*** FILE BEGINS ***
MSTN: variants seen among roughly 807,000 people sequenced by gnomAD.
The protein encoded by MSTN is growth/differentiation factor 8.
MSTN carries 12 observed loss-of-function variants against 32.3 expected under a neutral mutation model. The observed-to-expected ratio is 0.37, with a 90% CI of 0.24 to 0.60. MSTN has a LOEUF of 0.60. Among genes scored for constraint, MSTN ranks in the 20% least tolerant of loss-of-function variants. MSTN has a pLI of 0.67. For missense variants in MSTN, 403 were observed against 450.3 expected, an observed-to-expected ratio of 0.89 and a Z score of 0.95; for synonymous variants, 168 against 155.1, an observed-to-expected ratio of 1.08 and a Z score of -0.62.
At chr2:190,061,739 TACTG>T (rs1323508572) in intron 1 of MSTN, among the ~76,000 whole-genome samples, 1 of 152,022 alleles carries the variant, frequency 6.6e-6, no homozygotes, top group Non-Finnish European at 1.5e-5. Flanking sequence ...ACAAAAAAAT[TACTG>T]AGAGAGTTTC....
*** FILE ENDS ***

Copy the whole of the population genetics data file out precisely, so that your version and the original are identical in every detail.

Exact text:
MSTN: variants seen among roughly 807,000 people sequenced by gnomAD.
The protein encoded by MSTN is growth/differentiation factor 8.
MSTN carries 12 observed loss-of-function variants against 32.3 expected under a neutral mutation model. The observed-to-expected ratio is 0.37, with a 90% CI of 0.24 to 0.60. MSTN has a LOEUF of 0.60. Among genes scored for constraint, MSTN ranks in the 20% least tolerant of loss-of-function variants. MSTN has a pLI of 0.67. For missense variants in MSTN, 403 were observed against 450.3 expected, an observed-to-expected ratio of 0.89 and a Z score of 0.95; for synonymous variants, 168 against 155.1, an observed-to-expected ratio of 1.08 and a Z score of -0.62.
At chr2:190,061,739 TACTG>T (rs1323508572) in intron 1 of MSTN, among the ~76,000 whole-genome samples, 1 of 152,022 alleles carries the variant, frequency 6.6e-6, no homozygotes, top group Non-Finnish European at 1.5e-5. Flanking sequence ...ACAAAAAAAT[TACTG>T]AGAGAGTTTC....